Skip to main content
ARS Home » Pacific West Area » Tucson, Arizona » Carl Hayden Bee Research Center » Research » Publications at this Location » Publication #329458

Research Project: Determining the Impacts of Pesticide- and Nutrition-Induced Stress on Honey Bee Colony Growth and Survival

Location: Carl Hayden Bee Research Center

Title: Sublethal effects of Imidacloprid on honey bee colony growth and activity at three sites in the U.S.

item Meikle, William
item Adamczyk, John
item Weiss, Milagra
item GREGORC, ALES - Mississippi State University
item JOHNSON, DON - University Of Arkansas
item STEWART, SCOTT - University Of Tennessee
item ZAWISLAK, JON - University Of Arkansas
item Carroll, Mark
item LORENZ, GUS - University Of Arkansas

Submitted to: PLoS ONE
Publication Type: Peer Reviewed Journal
Publication Acceptance Date: 12/2/2016
Publication Date: 12/28/2016
Citation: Meikle, W.G., Adamczyk, J.J., Weiss, M., Gregorc, A., Johnson, D.R., Stewart, S.D., Zawislak, J., Carroll, M.J., Lorenz, G.M. 2016. Sublethal effects of Imidacloprid on honey bee colony growth and activity at three sites in the U.S. PLoS One. 11(12):e0168603. doi:10.1371/journal.pone.0168603.

Interpretive Summary: Concerns have been raised among beekeepers and the general public about the effects of neonicotinoids, a class of insecticides used as systemic pesticides on honey bee health. Acute exposure to pesticides has clear negative effects on honey bees and on colonies, because bees often die from it, sometimes in large numbers. Sublethal effects are different and are more difficult to detect, because it can cause changes in bee behavior rather than survivorship. Neonicotinoid pesticides can directly impair honey bee learning and sensory capabilities, decrease foraging success, and can have indirect effects on bees by acting as repellents, and bees exposed to neonicotinoid pesticides have been found to be more susceptible to diseases. In this study we exposed colonies at 3 locations to very low concentrations of a neonicotinoid, imidacloprid, and then inspected hives for brood (all locations), hive frame weight (2 locations), and adult bees (one location). At one location we also kept the hives on scales so we could monitor weight continuously and placed temperature sensors inside the hive to monitor temperature continuously. We sampled bees and honey before and during all experiments to test for the pesticide. We also ran 2 laboratory cage studies to see how the same doses of imidacloprid affected bee survivorship and food consumption. We found that 1) imidacloprid last at least 7 months in stored honey; 2) a dose of 100 ppb in syrup fed to colonies in experiments without stored honey reduced the amount of capped brood and adult bees compared to untreated hives, but there were no effects if the hives had stored honey; 3) colonies fed 100 ppb syrup reduced their syrup consumption compared to other treatments and this effect was also observed in cage studies; and 4) continuous hive monitoring showed that foraging activity was higher in the 5 ppb treatment than either the 100 ppb treatment or the control during a nectar flow in Arizona, and temperature data indicated that thermoregulation in colonies fed 100 ppb was worse than in colonies in other treatment groups. Overall we did find treatment effects at low concentrations, but the effects were not always negative.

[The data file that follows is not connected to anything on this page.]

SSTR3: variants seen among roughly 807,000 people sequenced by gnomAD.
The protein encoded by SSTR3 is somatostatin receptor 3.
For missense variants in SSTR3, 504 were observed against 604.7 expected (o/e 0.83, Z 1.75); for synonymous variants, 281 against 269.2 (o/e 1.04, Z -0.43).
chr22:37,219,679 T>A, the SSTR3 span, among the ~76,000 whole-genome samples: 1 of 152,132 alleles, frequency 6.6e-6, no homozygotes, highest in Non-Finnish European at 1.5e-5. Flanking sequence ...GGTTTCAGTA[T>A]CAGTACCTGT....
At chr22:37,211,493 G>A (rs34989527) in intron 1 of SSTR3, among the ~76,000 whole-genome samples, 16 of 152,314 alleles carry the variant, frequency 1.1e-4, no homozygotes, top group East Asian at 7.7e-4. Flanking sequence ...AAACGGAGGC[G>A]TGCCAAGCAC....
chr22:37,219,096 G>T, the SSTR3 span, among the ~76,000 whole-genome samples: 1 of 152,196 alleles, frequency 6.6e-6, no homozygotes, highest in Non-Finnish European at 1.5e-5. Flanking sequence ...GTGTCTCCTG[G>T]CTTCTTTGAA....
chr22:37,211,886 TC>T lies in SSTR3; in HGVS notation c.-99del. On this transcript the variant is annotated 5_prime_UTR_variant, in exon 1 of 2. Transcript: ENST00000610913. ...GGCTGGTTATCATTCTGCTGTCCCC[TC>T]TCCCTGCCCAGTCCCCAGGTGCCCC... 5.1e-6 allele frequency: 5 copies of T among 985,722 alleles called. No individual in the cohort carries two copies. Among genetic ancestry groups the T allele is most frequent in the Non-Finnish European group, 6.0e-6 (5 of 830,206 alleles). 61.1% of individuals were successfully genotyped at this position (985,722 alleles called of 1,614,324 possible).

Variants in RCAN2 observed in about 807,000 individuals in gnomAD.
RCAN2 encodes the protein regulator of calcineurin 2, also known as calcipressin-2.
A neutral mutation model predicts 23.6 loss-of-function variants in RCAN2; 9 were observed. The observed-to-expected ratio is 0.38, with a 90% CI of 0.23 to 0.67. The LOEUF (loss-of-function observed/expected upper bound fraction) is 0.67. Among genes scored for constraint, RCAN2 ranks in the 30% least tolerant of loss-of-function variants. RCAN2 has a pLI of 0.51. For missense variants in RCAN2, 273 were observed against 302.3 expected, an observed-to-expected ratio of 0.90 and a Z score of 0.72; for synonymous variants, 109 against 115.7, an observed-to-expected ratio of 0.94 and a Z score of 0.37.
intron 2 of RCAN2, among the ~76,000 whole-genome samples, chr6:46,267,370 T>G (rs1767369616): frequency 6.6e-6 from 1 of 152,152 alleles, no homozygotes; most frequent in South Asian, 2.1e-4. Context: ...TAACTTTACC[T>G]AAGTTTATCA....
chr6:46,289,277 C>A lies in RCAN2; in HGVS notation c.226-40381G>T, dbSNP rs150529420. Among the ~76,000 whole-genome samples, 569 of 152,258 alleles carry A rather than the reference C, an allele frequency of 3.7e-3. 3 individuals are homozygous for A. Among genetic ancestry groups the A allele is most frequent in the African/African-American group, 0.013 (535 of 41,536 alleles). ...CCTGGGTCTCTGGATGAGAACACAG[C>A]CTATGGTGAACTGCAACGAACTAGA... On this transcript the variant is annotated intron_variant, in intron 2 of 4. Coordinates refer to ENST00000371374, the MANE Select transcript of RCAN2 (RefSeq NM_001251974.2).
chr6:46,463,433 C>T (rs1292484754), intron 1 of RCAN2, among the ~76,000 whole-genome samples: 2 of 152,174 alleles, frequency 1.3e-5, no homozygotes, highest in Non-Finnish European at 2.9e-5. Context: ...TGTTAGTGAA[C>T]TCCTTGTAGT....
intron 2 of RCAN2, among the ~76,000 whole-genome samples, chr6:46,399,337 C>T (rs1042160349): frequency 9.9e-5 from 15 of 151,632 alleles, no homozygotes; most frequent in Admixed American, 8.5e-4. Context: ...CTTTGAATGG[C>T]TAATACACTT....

Technical Abstract: Field experiments in southern Arizona, central Arkansas and southern Mississippi were conducted to evaluate the effects of sublethal concentrations (0, 5, 20 and 100 ppb) of imidacloprid in sugar syrup on honey bee colony growth and activity. Response variables included discrete data from hive inspections (all experiments) and hourly hive weight and internal temperature data (Arizona experiments). Consumption rates per colony of 100 ppb imidacloprid syrup were significantly lower at two sites, an observation confirmed in laboratory studies of caged adult bees. Colonies fed syrup with 100 ppb imidacloprid had significantly lower adult bee masses, brood surface areas and average frame weights on average compared to colonies in the other treatment groups in Arizona. In contrast, no differences in capped brood surface area and average frame weight were observed among treatment groups in Arkansas, probably at least in part due to the abundance of alternative local nectar sources. Capped brood surface areas were significantly lower in Mississippi, also an environment rich in alternative forage, for colonies fed 5 ppb imidacloprid than control colonies, although some contamination of the control colonies was detected, probably due to robbing, so the results are difficult to interpret with confidence. Hive temperature data in Arizona indicated that colonies fed syrup containing 100 ppb imidacloprid exhibited significantly reduced temperature control during the winter than colonies fed syrup with 5 ppb. Hourly weight data showed that colonies fed 5 ppb imidacloprid exhibited significantly higher within-day weight amplitudes during a nectar flow in 2014, indicating more foraging activity, than either control colonies or those fed syrup with 100 ppb. Imidacloprid concentrations in stored honey corresponded well with concentrations in the syrup fed to the colonies and proved stable in the hive environment over 7 months after the end of treatment. These results showed that imidacloprid contamination can have long-term effects on honey bee colony growth and activity.